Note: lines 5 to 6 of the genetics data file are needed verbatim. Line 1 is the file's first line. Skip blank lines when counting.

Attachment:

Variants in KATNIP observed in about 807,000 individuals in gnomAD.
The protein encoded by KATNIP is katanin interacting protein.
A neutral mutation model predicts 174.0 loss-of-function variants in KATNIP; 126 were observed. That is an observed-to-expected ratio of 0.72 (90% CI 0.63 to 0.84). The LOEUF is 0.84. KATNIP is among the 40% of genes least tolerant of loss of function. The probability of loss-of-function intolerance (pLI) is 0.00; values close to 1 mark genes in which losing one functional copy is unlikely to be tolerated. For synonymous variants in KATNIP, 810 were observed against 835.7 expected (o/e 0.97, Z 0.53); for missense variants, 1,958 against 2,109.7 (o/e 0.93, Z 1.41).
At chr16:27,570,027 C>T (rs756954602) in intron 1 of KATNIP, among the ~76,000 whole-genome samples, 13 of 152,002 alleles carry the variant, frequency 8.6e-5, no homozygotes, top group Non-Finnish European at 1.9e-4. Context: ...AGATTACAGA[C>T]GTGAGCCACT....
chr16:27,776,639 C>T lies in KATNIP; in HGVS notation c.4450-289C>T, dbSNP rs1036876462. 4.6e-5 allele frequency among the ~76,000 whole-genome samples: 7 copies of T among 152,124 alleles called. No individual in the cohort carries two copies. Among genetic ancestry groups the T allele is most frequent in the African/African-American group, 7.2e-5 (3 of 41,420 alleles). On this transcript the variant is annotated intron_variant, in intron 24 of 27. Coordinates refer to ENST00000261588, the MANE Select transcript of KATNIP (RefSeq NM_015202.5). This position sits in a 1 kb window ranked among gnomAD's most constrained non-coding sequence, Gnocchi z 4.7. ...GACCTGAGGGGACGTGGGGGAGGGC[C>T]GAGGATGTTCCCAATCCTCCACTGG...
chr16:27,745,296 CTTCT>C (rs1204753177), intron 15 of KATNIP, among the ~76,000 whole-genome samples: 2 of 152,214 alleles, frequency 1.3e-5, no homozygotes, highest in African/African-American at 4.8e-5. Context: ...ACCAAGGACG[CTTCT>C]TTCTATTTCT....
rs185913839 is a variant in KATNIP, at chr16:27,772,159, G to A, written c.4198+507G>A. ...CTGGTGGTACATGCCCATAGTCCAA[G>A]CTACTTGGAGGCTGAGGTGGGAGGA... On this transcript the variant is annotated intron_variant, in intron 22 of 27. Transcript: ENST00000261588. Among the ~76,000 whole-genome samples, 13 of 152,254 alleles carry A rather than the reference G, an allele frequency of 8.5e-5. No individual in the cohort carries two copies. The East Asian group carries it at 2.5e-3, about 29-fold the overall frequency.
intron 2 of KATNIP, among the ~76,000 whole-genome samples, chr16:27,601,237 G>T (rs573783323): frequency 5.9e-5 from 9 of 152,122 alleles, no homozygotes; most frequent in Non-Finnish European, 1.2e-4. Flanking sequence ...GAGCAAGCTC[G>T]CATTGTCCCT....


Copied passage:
chr16:27,776,639 C>T lies in KATNIP; in HGVS notation c.4450-289C>T, dbSNP rs1036876462. 4.6e-5 allele frequency among the ~76,000 whole-genome samples: 7 copies of T among 152,124 alleles called. No individual in the cohort carries two copies. Among genetic ancestry groups the T allele is most frequent in the African/African-American group, 7.2e-5 (3 of 41,420 alleles). On this transcript the variant is annotated intron_variant, in intron 24 of 27. Coordinates refer to ENST00000261588, the MANE Select transcript of KATNIP (RefSeq NM_015202.5). This position sits in a 1 kb window ranked among gnomAD's most constrained non-coding sequence, Gnocchi z 4.7. ...GACCTGAGGGGACGTGGGGGAGGGC[C>T]GAGGATGTTCCCAATCCTCCACTGG...
chr16:27,745,296 CTTCT>C (rs1204753177), intron 15 of KATNIP, among the ~76,000 whole-genome samples: 2 of 152,214 alleles, frequency 1.3e-5, no homozygotes, highest in African/African-American at 4.8e-5. Context: ...ACCAAGGACG[CTTCT>C]TTCTATTTCT....